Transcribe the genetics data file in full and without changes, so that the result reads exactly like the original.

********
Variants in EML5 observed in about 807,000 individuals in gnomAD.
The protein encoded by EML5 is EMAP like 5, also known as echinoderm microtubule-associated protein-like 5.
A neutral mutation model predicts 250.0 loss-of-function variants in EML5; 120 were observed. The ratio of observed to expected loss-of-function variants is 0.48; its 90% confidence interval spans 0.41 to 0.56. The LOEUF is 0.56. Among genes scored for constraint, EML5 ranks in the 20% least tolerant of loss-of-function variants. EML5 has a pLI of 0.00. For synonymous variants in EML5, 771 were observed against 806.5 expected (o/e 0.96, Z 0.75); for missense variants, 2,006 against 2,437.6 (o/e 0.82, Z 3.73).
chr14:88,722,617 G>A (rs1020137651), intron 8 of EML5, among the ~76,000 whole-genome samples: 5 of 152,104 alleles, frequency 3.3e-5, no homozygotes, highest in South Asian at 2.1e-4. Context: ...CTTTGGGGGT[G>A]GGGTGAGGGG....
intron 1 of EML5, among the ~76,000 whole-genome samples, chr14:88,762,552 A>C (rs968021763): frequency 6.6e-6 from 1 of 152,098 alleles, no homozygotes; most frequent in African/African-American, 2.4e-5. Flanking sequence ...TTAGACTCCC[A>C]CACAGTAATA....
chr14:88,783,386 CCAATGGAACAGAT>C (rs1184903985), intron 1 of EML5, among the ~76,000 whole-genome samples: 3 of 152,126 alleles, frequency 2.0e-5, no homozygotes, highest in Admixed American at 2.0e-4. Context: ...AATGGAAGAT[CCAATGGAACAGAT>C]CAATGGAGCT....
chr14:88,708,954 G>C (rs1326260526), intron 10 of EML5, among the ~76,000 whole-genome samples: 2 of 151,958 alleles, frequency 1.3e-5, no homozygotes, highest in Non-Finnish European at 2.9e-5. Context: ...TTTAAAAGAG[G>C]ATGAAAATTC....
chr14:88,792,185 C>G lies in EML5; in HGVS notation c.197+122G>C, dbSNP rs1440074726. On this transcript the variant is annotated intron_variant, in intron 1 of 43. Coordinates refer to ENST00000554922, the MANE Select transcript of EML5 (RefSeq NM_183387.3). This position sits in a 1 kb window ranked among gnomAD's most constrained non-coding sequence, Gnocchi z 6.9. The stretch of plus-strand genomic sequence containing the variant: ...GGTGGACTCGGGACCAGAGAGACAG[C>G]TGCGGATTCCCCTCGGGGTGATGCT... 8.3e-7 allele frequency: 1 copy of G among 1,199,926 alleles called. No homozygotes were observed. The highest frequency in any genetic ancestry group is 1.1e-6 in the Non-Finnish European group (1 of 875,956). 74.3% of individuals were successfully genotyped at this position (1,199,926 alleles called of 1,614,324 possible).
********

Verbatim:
Variants in EML5 observed in about 807,000 individuals in gnomAD.
The protein encoded by EML5 is EMAP like 5, also known as echinoderm microtubule-associated protein-like 5.
A neutral mutation model predicts 250.0 loss-of-function variants in EML5; 120 were observed. The ratio of observed to expected loss-of-function variants is 0.48; its 90% confidence interval spans 0.41 to 0.56. The LOEUF is 0.56. Among genes scored for constraint, EML5 ranks in the 20% least tolerant of loss-of-function variants. EML5 has a pLI of 0.00. For synonymous variants in EML5, 771 were observed against 806.5 expected (o/e 0.96, Z 0.75); for missense variants, 2,006 against 2,437.6 (o/e 0.82, Z 3.73).
chr14:88,722,617 G>A (rs1020137651), intron 8 of EML5, among the ~76,000 whole-genome samples: 5 of 152,104 alleles, frequency 3.3e-5, no homozygotes, highest in South Asian at 2.1e-4. Context: ...CTTTGGGGGT[G>A]GGGTGAGGGG....
intron 1 of EML5, among the ~76,000 whole-genome samples, chr14:88,762,552 A>C (rs968021763): frequency 6.6e-6 from 1 of 152,098 alleles, no homozygotes; most frequent in African/African-American, 2.4e-5. Flanking sequence ...TTAGACTCCC[A>C]CACAGTAATA....
chr14:88,783,386 CCAATGGAACAGAT>C (rs1184903985), intron 1 of EML5, among the ~76,000 whole-genome samples: 3 of 152,126 alleles, frequency 2.0e-5, no homozygotes, highest in Admixed American at 2.0e-4. Context: ...AATGGAAGAT[CCAATGGAACAGAT>C]CAATGGAGCT....
chr14:88,708,954 G>C (rs1326260526), intron 10 of EML5, among the ~76,000 whole-genome samples: 2 of 151,958 alleles, frequency 1.3e-5, no homozygotes, highest in Non-Finnish European at 2.9e-5. Context: ...TTTAAAAGAG[G>C]ATGAAAATTC....
chr14:88,792,185 C>G lies in EML5; in HGVS notation c.197+122G>C, dbSNP rs1440074726. On this transcript the variant is annotated intron_variant, in intron 1 of 43. Coordinates refer to ENST00000554922, the MANE Select transcript of EML5 (RefSeq NM_183387.3). This position sits in a 1 kb window ranked among gnomAD's most constrained non-coding sequence, Gnocchi z 6.9. The stretch of plus-strand genomic sequence containing the variant: ...GGTGGACTCGGGACCAGAGAGACAG[C>G]TGCGGATTCCCCTCGGGGTGATGCT... 8.3e-7 allele frequency: 1 copy of G among 1,199,926 alleles called. No homozygotes were observed. The highest frequency in any genetic ancestry group is 1.1e-6 in the Non-Finnish European group (1 of 875,956). 74.3% of individuals were successfully genotyped at this position (1,199,926 alleles called of 1,614,324 possible).